Putting “Success” in Your Succession Plan

Putting “Success” in Your Succession PlanBaylor

Legacies Newsletter

When you plan the transfer of family business from an older to a younger generation, how the older generation gets the value they deserve out of the business is an important question! The Haft family, owners of the multimillion dollar holding company that owns Crown Books and Trak Auto stores, is currently discussing this issue, among others, very publicly in the courts and newspapers.

There are nearly as many possible solutions to this aspect of succession planning as there are family-owned businesses. This article presents some ideas that can serve as a starting point for your personal planning discussions.

Possibly the simplest answer is just selling the business. You could sell it to family, employees, or some outside party. The major issues in this choice are properly valuing the business, finding a suitable buyer, and how you get paid. One common approach in selling the business is the installment sale, where the older generation receives periodic payments at interest. This can stretch out capital gains, and provide some flexibility to the buyers in meeting the purchase price.

When selling to family, if the younger generation has to borrow money to pay for the business, the older generation must not act as a secondary guarantor on the loan. Adverse estate or gift tax consequences may arise from this helpful gesture.

If all parties to the sale are related family members, a private annuity may provide some tax advantages. Typically, the parent sells the business to the children, who make an unsecured promise to pay the parents an income stream for life. Each payment is made up of capital gains, interest income, and a non-taxable recovery of the parent’s basis in the business. The income tax issues and unsecured nature of a private annuity are complex enough to call for professional advice before making this part of your plan.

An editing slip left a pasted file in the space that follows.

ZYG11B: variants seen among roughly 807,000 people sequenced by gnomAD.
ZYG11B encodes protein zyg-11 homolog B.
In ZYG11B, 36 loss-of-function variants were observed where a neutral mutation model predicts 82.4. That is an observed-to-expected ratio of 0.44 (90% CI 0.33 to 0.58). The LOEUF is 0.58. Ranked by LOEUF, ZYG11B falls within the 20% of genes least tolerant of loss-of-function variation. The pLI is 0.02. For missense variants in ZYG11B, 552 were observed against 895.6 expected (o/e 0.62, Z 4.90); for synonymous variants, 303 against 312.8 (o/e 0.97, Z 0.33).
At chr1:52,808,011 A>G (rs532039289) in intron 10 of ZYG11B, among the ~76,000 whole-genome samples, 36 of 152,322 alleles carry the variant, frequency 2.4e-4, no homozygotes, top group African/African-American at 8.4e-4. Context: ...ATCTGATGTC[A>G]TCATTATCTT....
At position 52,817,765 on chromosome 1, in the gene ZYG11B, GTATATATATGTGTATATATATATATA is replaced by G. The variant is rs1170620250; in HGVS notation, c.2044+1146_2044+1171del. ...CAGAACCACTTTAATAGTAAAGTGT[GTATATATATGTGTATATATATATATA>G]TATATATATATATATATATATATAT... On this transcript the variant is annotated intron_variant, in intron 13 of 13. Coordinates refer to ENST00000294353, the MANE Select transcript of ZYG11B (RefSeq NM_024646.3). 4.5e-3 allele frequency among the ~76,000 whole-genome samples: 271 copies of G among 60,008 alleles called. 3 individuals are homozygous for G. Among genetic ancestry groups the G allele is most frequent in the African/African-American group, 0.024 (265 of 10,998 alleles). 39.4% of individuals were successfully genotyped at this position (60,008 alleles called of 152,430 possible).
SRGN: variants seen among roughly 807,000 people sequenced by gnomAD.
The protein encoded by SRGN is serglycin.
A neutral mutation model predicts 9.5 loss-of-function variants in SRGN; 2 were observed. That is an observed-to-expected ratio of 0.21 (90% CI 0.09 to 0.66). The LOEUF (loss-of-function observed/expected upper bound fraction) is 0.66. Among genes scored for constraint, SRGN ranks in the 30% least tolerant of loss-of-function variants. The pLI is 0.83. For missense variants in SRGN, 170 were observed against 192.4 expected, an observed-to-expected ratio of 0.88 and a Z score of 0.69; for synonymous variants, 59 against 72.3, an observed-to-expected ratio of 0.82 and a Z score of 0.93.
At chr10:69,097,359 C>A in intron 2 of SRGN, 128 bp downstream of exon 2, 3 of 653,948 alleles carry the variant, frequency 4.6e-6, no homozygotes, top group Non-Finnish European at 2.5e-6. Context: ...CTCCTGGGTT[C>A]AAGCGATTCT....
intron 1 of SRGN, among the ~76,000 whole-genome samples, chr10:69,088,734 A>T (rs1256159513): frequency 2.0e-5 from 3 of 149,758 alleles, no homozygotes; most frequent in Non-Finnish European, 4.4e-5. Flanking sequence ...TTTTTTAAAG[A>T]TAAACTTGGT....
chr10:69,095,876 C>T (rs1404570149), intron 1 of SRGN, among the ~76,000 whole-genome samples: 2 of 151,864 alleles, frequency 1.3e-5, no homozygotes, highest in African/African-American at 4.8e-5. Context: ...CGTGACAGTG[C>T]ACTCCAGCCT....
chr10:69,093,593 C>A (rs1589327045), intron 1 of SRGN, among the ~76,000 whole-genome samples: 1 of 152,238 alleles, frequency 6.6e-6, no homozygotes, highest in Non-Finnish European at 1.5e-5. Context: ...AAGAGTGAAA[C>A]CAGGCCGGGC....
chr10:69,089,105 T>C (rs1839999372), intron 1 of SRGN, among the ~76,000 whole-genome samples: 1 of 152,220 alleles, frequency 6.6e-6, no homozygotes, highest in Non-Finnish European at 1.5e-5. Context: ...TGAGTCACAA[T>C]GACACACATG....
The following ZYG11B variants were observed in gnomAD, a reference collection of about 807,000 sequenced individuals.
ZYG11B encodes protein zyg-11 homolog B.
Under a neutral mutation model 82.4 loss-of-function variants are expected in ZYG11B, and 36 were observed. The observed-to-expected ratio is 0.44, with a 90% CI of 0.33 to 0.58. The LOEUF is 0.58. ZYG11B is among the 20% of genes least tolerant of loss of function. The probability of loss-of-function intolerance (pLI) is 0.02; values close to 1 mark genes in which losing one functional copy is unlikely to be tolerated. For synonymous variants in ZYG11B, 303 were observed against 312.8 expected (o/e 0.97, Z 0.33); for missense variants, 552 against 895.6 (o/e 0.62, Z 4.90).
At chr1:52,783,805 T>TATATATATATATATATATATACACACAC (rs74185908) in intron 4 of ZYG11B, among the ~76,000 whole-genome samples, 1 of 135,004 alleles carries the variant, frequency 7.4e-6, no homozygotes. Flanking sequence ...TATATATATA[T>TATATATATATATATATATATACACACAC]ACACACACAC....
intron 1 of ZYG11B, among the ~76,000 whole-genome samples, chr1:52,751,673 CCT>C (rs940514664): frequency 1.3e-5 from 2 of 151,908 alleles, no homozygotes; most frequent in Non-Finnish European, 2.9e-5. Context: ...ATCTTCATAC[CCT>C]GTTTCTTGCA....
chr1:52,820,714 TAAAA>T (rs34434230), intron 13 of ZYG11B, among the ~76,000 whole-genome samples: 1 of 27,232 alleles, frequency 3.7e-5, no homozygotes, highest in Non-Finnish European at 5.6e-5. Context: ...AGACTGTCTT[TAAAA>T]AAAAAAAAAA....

If an outright sale is not possible, or you want to “gift” the business to the kids, you can use a charitable trust as a device to pass the business. There are many ways to structure a charitable trust. Ask your attorney and life insurance advisor which form best suits your situation. In general, the goal is to provide retirement income for the senior generation with minimal adverse tax effect. Gifting the business has many emotional and financial issues that the whole family should discuss. Making assumptions about who will get control and when it will happen can lead you down the road the Hafts are on.

Here is a specific example of a type of charitable trust called a charitable stock bailout. In this situation, family members are the only stockholders, and there are significant retained earnings and liquid assets in the business. This arrangement will allow the primary shareholder to retire and avoid having the business pay dividends. It will transfer the business without gift or estate taxes.

As a first step, the owner establishes a charitable remainder trust (CRT). He or she donates ALL stock to the CRT and gets a tax deduction based upon value of shares transferred, the income stream retained, and current life expectancy. Then the business redeems the stock in the CRT, which reduces retained earnings (All shareholders must have the same offer). The CRT invests the proceeds from the sale of stock, and pays an income stream to the former business owner.

Successors do not have to make payments to the retiring stockholder, the retiring stockholder has removed the asset from the estate, and kept the income stream. There are no gift or estate taxes due. Life insurance on the parents’ lives can be used to replace the retained earnings. Premiums can be funded with the savings in taxes.

In any succession plan, your life insurance professional can answer the question of “How can we guarantee the older generation an income, or protect the younger generation from the financial effects of a premature death?” Planning any family business succession requires teamwork by the family and your professional business advisors. Your accountant, attorney, banker, and life underwriter are crucial to putting the “success” in your succession plan.